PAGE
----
Absolute Politics Corrupts Absolutely
Review by Bryce Zabel
The Smackdown. With the political season coming at us even earlier this year than ever before in history, it seems right to take a glance in the rear-view mirror of our campaign bus and check out two classic election films. "The Candidate" really established the genre 35 years ago, giving us Robert Redford at the height of his charismatic on-screen presence as a JFK-like California senatorial candidate who wants to run on issues but ends up running on great hair and piercing eyes. A quarter of a century later, we got "Primary Colors" with John Travolta standing in for that horny guy who couldn't keep it zipped on the campaign trail or in the Oval Office. So those are the two nominees on our ballot. Let's see who's got the goods to win this cinematic election -- Redford/Kennedy or Travolta/Clinton.
The Challenger. The film comes from quite a pedigree: political writer Joe Klein wrote the book (originally as "Anonymous"), and the film was written by Elaine May and directed by Mike Nichols. Everything inside is paper-thin disguised as being about the 1992 Clinton campaign for the White House. John Travolta's Jack Stanton loves politics just like the real character he's based on and really cares about people, some of them so much he can't resist having sex with them. The reason to watch the film today, of course, is for insight into the Hillary character, Susan Stanton, as played by Emma Thompson (if you can get past how her repression of her British accent seems to give her Susan a sort of non-American blandness). Travolta's impression of our former president is a little too slow and scratchy and never quite nails down this character as someone who could win the presidency despite some huge errors in personal judgment. There's a great moment when Susan Stanton up and slaps the hell out of her husband's face after his latest infidelity: it's surprising and it's what you would hope Hill actually did to Bill at some point. However, this is a film that doesn't actually pick sides: Clinton haters will see it as proof that Bill was barely a moral level above pond scum, and Clinton lovers will see it as proof of his humanity, however flawed and imperfect.
The Incumbent. If our challenger film is about a candidate who loves politics too much, our champion -- "The Candidate" -- is about a candidate who doesn't love it enough, or even at all. Redford plays Bill McKay as a liberal lawyer fighting local battles for civil rights and environmental protection who is drafted into running a hopeless campaign, told he can say what he wants as a result and then starts to get close enough to victory to feel the need to compromise on his ideals. It illustrates the Catch-22 we have often put on American politics: namely, if a candidate wants to win, he must be suspect, and the best man has to lose or he can't be the best man after all. Written by Jeremy Larner and directed by Michael Ritchie, "The Candidate" isn't quite a comedy and it isn't quite a drama and, despite earlier admonitions that films aren't the way to send messages, this film is all about its message. It wants the audience to come away knowing that politics is a bad business that isn't really about governing at all, doesn't focus the issues but sands them down, and the system is so corrupt that the only way a good man or woman can prevail is to become corrupt and play the game. The deck is stacked at every juncture, but the details are beautifully realized and often subtle, throwing away the pay-off rather than ramming it home.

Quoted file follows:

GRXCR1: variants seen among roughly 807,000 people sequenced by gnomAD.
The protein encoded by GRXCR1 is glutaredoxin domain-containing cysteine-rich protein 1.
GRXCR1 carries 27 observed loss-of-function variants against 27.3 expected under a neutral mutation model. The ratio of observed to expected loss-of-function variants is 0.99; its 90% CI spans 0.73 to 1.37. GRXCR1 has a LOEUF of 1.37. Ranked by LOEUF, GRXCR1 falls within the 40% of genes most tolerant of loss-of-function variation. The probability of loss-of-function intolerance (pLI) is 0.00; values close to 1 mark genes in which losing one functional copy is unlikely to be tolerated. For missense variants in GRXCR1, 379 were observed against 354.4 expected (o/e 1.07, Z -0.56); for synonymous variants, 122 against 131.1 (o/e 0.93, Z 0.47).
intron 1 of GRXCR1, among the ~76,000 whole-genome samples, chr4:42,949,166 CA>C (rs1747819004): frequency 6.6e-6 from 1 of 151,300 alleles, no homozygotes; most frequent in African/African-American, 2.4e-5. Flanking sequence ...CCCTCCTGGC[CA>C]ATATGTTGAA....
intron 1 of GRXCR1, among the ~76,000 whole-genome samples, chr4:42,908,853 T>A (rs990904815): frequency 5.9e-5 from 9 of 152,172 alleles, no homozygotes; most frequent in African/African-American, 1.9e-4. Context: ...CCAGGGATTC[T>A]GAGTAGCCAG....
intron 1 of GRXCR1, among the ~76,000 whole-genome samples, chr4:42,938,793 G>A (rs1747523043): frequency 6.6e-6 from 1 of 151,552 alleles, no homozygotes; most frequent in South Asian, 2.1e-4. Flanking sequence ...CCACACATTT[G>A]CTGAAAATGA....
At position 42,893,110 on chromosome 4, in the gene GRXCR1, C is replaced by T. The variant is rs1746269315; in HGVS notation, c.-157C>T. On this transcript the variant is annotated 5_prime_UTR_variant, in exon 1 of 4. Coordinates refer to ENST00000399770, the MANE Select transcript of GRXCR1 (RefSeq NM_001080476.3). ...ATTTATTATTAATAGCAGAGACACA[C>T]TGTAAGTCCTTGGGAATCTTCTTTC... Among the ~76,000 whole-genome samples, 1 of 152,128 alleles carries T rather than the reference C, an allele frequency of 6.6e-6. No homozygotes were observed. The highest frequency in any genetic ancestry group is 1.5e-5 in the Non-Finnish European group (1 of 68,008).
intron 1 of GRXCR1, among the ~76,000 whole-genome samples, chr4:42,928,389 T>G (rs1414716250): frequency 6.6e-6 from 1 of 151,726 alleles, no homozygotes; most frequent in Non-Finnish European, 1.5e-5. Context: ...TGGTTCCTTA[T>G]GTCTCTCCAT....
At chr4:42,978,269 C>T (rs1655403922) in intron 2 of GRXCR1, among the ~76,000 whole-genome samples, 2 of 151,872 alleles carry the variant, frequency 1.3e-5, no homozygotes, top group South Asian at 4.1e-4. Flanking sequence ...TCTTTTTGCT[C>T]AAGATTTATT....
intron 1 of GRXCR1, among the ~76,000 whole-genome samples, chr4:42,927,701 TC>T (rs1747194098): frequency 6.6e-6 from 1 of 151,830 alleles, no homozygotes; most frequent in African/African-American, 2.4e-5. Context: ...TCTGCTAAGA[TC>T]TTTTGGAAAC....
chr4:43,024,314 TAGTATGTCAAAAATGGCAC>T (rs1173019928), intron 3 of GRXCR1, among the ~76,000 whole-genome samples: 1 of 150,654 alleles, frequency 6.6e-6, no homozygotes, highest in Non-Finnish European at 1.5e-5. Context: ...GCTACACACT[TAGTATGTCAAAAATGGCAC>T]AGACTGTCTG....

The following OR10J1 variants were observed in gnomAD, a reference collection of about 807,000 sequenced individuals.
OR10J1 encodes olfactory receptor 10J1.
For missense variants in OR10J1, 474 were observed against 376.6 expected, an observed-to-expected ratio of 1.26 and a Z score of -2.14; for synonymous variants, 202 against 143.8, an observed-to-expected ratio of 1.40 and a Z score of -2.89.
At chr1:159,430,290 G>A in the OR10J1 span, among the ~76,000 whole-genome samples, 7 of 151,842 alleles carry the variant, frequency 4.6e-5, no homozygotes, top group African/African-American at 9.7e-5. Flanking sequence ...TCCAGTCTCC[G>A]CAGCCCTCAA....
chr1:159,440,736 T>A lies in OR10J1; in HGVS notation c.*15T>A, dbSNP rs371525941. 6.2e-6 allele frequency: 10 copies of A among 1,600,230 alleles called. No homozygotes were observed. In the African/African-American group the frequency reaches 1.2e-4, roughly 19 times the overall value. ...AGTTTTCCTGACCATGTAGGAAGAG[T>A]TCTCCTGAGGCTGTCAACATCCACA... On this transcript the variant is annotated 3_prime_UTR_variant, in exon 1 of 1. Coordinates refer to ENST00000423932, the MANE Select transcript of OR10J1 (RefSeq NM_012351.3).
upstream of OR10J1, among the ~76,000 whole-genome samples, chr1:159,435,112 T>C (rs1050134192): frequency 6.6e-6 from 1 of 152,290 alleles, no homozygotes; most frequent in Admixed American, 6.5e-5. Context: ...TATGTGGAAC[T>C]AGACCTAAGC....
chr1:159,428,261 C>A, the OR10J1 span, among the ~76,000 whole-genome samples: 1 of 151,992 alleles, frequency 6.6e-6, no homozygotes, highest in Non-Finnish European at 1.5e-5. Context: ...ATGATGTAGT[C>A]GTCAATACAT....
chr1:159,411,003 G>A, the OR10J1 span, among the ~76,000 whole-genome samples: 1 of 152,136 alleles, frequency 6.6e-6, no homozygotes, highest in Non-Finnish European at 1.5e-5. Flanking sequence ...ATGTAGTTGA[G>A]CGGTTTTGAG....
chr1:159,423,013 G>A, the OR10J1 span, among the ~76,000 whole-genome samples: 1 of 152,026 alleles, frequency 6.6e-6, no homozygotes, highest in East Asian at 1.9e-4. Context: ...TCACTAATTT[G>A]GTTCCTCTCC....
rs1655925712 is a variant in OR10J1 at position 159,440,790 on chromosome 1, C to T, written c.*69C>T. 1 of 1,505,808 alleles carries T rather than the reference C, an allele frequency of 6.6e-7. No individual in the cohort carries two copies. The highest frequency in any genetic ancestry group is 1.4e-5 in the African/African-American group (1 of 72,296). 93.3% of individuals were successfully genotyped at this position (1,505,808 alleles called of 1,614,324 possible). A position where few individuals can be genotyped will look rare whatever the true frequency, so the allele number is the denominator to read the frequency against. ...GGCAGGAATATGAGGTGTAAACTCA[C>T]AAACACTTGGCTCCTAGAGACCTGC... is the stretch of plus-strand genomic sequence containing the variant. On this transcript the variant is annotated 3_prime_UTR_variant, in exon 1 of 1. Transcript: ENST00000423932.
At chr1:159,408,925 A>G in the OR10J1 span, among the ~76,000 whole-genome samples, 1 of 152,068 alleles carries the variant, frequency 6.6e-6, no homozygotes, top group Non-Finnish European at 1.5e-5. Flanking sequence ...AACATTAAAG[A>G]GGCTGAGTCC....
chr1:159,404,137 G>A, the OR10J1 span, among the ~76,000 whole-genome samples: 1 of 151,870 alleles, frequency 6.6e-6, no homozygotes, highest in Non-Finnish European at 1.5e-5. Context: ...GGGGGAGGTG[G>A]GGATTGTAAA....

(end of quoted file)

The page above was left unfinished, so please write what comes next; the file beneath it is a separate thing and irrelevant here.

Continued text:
The Debate. The truth is that both these films have been bested by an independent candidate in this election. TV's "The West Wing" is superior to both in terms of laying out the mechanics of a modern political campaign and the show's final season pitting Alan Alda against Jimmy Smits was a great piece of film on an even larger and more complete canvas than either of our two main nominees.
First of all, "The West Wing" actually let its candidates talk about real issues with real answers. Both "Primary Colors" and "The Candidate" stage some of the most banal excuses for televised debates you'll ever see and, I'm not kidding, they actually make the latest round of Democratic and Republican debates look like sharp-edged battles over the issues.
It's also easy to argue that neither Travolta or Redford would ever have actually been elected as the characters they portray. Travolta is too phony and Redford is too removed. Even so, Redford's is the stronger performance. He feels real, within the context of his film, and Travolta feels like the caricature that he is and I didn't believe for a second that real voters would ever have supported him as portrayed.
On the other hand, there are wonderful performances in both films in supporting roles. Peter Boyle is wonderful as the campaign manager in "The Candidate." Billy Bob Thornton steals every scene he's in as the James Carville political guru in "Primary Colors."
By the way, Stanton isn't the only cheater -- McKay also nails a young campaign worker out on the trail. With him, though, it looks like a one-time mistake and with Stanton it's obviously a bad habit he can't break.
The Vote Count. Watching these two films back-to-back on consecutive nights was great fun and, in my mind, I went back-and-forth thinking about who was going to win. There's a lot to recommend both of them and, at the same time, neither one is perfect. However, unless you are keen to gain just a wee bit more insight into a second Clinton presidency, starring Hillary with Bill in a supporting role, then "Primary Colors" shouldn't get your vote as the Best Political Film. The film classic, the one that people will talk about many years from now, is the one that started it all by reflecting our first real unease with modern politics. Your winning candidate is "The Candidate."